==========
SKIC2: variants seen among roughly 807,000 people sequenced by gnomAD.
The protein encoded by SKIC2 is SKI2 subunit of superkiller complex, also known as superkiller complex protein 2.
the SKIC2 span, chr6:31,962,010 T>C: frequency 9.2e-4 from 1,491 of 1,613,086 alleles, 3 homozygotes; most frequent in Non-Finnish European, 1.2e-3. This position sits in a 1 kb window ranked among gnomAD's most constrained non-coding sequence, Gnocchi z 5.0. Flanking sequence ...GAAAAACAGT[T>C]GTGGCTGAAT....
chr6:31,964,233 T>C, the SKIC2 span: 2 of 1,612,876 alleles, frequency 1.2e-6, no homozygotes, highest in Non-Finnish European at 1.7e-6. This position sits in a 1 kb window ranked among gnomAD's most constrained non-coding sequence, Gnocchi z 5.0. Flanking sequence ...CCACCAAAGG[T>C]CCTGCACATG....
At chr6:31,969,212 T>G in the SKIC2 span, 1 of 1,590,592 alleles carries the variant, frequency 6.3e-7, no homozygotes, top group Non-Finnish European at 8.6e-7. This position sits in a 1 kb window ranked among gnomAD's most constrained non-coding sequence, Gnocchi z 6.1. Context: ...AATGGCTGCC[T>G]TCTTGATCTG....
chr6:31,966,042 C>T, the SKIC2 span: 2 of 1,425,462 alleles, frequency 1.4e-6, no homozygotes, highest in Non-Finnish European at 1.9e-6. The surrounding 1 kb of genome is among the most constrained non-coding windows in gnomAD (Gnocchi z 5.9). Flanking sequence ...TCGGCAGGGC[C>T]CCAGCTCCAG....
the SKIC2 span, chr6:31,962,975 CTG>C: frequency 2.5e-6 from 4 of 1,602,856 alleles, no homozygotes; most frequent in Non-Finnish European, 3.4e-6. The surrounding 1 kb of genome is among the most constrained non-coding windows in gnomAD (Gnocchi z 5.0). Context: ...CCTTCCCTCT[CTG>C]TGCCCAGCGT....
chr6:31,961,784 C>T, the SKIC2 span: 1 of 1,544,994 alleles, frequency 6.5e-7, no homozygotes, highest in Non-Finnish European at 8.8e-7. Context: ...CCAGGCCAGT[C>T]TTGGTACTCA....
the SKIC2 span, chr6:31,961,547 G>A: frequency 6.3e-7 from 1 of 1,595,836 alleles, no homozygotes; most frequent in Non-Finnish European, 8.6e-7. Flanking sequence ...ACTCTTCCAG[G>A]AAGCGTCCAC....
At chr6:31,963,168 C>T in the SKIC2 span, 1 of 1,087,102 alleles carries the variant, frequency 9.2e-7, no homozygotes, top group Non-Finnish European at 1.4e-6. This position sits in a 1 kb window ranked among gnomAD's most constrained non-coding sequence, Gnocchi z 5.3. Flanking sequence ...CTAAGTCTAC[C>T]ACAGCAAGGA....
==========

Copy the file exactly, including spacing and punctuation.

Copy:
SKIC2: variants seen among roughly 807,000 people sequenced by gnomAD.
The protein encoded by SKIC2 is SKI2 subunit of superkiller complex, also known as superkiller complex protein 2.
the SKIC2 span, chr6:31,962,010 T>C: frequency 9.2e-4 from 1,491 of 1,613,086 alleles, 3 homozygotes; most frequent in Non-Finnish European, 1.2e-3. This position sits in a 1 kb window ranked among gnomAD's most constrained non-coding sequence, Gnocchi z 5.0. Flanking sequence ...GAAAAACAGT[T>C]GTGGCTGAAT....
chr6:31,964,233 T>C, the SKIC2 span: 2 of 1,612,876 alleles, frequency 1.2e-6, no homozygotes, highest in Non-Finnish European at 1.7e-6. This position sits in a 1 kb window ranked among gnomAD's most constrained non-coding sequence, Gnocchi z 5.0. Flanking sequence ...CCACCAAAGG[T>C]CCTGCACATG....
At chr6:31,969,212 T>G in the SKIC2 span, 1 of 1,590,592 alleles carries the variant, frequency 6.3e-7, no homozygotes, top group Non-Finnish European at 8.6e-7. This position sits in a 1 kb window ranked among gnomAD's most constrained non-coding sequence, Gnocchi z 6.1. Context: ...AATGGCTGCC[T>G]TCTTGATCTG....
chr6:31,966,042 C>T, the SKIC2 span: 2 of 1,425,462 alleles, frequency 1.4e-6, no homozygotes, highest in Non-Finnish European at 1.9e-6. The surrounding 1 kb of genome is among the most constrained non-coding windows in gnomAD (Gnocchi z 5.9). Flanking sequence ...TCGGCAGGGC[C>T]CCAGCTCCAG....
the SKIC2 span, chr6:31,962,975 CTG>C: frequency 2.5e-6 from 4 of 1,602,856 alleles, no homozygotes; most frequent in Non-Finnish European, 3.4e-6. The surrounding 1 kb of genome is among the most constrained non-coding windows in gnomAD (Gnocchi z 5.0). Context: ...CCTTCCCTCT[CTG>C]TGCCCAGCGT....
chr6:31,961,784 C>T, the SKIC2 span: 1 of 1,544,994 alleles, frequency 6.5e-7, no homozygotes, highest in Non-Finnish European at 8.8e-7. Context: ...CCAGGCCAGT[C>T]TTGGTACTCA....
the SKIC2 span, chr6:31,961,547 G>A: frequency 6.3e-7 from 1 of 1,595,836 alleles, no homozygotes; most frequent in Non-Finnish European, 8.6e-7. Flanking sequence ...ACTCTTCCAG[G>A]AAGCGTCCAC....
At chr6:31,963,168 C>T in the SKIC2 span, 1 of 1,087,102 alleles carries the variant, frequency 9.2e-7, no homozygotes, top group Non-Finnish European at 1.4e-6. This position sits in a 1 kb window ranked among gnomAD's most constrained non-coding sequence, Gnocchi z 5.3. Flanking sequence ...CTAAGTCTAC[C>T]ACAGCAAGGA....